Having looked at the global factors shaping our world, how these are impacting on the South African context, the issues that will determine how successfully we respond to change, and how we can find creative solutions to providing benefits that matter, we now turn our attention to what it is that employers can do. What offerings can they provide to ensure that both employer and employee derive significant value from benefits that will make a real difference?
Increasingly, employees are looking to employers to provide support in balancing their roles as employees, citizens and family members. While financial rewards are still important, there’s a greater expectation for employers to be more directly involved in the overall well-being of their employees. In this section, we consider some areas where employers may offer innovative benefit solutions that start to address this concept of overall well-being – financial and otherwise. More importantly, we see these five innovative concepts as providing win-win solutions for both the employer and the employee.
If we see housing as a building block for wealth creation, with home ownership playing an important role in both social mobility and social protection, it stands to reason that funding to acquire this important asset should take priority. Looking at the housing and funding options in South Africa, it’s clear that while renting, buying and building all have a role to play in solving our housing problem, the current financial advisory framework does not cover these holistically. We propose that an alternative advisory solution is required if the problem is to be resolved adequately.
In our discussion on the cost of commuting, we consider the impact of transport costs on employees. In South Africa, largely owing to the country’s history and the apartheid legacy of forced geographical segregation, it’s usually people in low-wage, low-productivity jobs who are faced with long – and costly – commutes. We see how employees’ costs of travel, modes of travel and time spent commuting have major implications for workplace productivity and overall financial wellbeing. We then present an agenda for action that suggests how policymakers, government and employers can start to address these challenges.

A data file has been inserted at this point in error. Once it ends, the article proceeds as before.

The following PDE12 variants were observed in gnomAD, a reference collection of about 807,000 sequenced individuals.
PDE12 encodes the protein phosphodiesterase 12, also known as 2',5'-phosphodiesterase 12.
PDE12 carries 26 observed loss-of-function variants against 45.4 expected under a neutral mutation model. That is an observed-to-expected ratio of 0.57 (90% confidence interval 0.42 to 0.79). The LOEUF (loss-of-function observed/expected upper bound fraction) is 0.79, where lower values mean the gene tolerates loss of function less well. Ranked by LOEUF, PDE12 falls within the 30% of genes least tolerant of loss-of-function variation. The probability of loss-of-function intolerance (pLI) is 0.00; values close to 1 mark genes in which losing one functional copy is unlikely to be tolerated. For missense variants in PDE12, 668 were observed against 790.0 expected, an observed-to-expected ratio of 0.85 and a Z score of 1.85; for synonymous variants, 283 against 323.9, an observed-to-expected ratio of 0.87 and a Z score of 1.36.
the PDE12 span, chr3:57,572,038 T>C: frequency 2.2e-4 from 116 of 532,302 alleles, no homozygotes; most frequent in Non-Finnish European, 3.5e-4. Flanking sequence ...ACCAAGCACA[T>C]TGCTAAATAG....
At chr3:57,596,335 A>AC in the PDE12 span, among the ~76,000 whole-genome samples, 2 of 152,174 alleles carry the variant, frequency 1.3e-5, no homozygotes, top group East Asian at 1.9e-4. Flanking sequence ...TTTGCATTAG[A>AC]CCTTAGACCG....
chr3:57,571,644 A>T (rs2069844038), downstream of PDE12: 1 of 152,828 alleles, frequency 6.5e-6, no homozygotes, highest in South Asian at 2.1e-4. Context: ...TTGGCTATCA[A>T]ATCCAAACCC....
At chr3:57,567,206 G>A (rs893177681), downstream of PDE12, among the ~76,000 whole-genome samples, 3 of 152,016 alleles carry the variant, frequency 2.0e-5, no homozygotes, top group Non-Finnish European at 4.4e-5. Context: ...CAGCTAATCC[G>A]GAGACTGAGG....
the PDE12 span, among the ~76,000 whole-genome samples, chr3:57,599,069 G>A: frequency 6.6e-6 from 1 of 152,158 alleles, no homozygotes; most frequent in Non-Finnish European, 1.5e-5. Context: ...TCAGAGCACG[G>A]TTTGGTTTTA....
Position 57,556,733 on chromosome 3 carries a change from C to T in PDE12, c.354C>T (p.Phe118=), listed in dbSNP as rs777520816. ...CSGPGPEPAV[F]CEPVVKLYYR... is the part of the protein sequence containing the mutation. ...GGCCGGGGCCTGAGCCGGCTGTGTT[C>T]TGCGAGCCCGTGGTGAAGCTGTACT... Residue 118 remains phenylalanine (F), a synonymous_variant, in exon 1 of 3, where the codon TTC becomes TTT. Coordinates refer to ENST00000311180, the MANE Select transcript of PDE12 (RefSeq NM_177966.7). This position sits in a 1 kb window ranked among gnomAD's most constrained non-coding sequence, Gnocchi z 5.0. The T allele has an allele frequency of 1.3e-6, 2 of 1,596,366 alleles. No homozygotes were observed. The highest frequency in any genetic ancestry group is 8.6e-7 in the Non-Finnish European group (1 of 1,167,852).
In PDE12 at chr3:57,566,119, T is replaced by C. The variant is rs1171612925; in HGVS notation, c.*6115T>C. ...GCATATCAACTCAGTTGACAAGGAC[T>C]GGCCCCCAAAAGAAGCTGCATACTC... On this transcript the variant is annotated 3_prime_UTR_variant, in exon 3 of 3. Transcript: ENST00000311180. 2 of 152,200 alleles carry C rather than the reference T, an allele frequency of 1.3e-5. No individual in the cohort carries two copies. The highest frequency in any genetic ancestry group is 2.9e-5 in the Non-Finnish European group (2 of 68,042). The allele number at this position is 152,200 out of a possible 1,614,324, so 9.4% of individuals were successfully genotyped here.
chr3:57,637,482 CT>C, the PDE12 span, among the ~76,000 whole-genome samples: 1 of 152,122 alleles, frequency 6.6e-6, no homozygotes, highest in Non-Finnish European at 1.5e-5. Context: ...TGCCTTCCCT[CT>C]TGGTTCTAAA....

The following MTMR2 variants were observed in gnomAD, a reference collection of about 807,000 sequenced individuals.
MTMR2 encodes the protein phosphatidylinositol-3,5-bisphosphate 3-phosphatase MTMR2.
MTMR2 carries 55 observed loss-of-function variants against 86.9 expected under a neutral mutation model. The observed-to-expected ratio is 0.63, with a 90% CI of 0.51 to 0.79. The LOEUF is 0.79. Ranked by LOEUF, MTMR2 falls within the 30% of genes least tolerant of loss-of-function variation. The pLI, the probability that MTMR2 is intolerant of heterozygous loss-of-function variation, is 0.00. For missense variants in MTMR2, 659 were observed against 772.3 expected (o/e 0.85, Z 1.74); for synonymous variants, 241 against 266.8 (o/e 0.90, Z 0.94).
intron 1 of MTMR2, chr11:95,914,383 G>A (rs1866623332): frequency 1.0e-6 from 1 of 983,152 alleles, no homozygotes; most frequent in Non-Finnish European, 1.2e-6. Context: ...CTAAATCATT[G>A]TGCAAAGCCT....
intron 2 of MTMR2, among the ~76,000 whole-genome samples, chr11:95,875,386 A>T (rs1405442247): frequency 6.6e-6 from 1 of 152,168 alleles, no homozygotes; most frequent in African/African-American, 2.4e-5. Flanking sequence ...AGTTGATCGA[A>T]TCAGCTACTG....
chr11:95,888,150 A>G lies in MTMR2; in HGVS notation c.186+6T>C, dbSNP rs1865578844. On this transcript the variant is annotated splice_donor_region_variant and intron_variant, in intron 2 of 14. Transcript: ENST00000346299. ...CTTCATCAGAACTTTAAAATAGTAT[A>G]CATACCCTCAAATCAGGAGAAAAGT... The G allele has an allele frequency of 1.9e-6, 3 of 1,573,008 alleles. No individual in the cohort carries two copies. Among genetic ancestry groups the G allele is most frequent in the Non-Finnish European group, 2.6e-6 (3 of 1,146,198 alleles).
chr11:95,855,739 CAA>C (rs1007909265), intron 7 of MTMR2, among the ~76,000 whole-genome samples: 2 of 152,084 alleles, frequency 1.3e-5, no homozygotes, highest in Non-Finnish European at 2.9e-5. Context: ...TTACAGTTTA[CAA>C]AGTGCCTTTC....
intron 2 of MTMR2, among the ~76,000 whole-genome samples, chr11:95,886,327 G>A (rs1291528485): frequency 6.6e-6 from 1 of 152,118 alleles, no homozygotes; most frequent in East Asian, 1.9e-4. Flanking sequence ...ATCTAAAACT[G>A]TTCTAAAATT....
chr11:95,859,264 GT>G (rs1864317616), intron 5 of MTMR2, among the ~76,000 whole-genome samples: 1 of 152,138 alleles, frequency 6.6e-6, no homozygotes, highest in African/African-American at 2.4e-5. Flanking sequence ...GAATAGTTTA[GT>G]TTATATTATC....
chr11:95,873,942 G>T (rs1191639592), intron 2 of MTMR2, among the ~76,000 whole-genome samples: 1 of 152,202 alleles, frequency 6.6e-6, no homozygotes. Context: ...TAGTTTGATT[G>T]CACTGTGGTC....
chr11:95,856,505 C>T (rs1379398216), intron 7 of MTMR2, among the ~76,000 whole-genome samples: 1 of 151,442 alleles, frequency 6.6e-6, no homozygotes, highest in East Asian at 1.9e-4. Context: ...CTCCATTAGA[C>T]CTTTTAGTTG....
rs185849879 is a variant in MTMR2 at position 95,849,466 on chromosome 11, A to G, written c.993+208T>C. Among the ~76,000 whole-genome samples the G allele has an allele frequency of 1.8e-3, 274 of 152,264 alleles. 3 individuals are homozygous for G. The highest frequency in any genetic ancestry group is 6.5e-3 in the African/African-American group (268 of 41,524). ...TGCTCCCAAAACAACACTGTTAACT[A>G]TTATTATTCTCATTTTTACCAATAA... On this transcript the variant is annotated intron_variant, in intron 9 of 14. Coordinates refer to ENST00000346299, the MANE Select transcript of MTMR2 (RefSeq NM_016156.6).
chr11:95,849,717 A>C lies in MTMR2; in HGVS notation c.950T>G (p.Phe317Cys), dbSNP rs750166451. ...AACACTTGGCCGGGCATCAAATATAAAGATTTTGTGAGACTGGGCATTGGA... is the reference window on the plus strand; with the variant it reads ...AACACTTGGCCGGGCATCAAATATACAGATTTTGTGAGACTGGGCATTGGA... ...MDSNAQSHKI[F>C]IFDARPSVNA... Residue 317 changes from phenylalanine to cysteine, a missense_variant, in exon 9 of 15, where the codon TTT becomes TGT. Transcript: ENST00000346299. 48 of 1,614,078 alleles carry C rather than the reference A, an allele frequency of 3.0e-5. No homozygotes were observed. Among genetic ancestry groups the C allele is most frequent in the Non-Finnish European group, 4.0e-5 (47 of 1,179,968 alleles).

The best benefits packages will need to accommodate the constantly shifting requirements and wants of employees – and their families – at different phases of their lives. In rethinking the concept of employee benefits within the employee well-being framework, we start with perhaps the most important investment of all: early childhood learning. We see how an early investment in child development yields the highest return and, with this in mind, present some options and benefits for employers to invest in workplace-based early learning centres. Such programmes go beyond the ‘traditional’ benefits framework to encompass the individual’s family in the overall benefit offering – with significant results.
Staying with learning, we then address a critical need identified in a changing world of work: the need for new learning tools that will put skills development ‘on steroids’ and help us leapfrog a massive skills gap to equip employees and organisations for the future. Modern organisations will implement the technologies and infrastructure that enable people to learn, from the ‘Netflix of learning’ – learning from every source – to creating career-specific learning paths for different role types. The way we learn, and accredit learning, will change, and we will be better for it.
We end this section by looking at the benefits that will matter to us when we’re ready to start planning for a better ending, and propose that employers can still add value at this stage of our lives by presenting us with a new framework for making financial decisions at retirement. We put forward a three-phase retirement roadmap that can help navigate the complexity of retirement, from being an active retiree with options for a second career, to slowing down and, finally, requiring frail care.
The pay-off for providing advice on funding for this next phase of life is so significant that employers should consider adding this service to their array of employee benefits as a last, and considerably valuable, life-planning tool.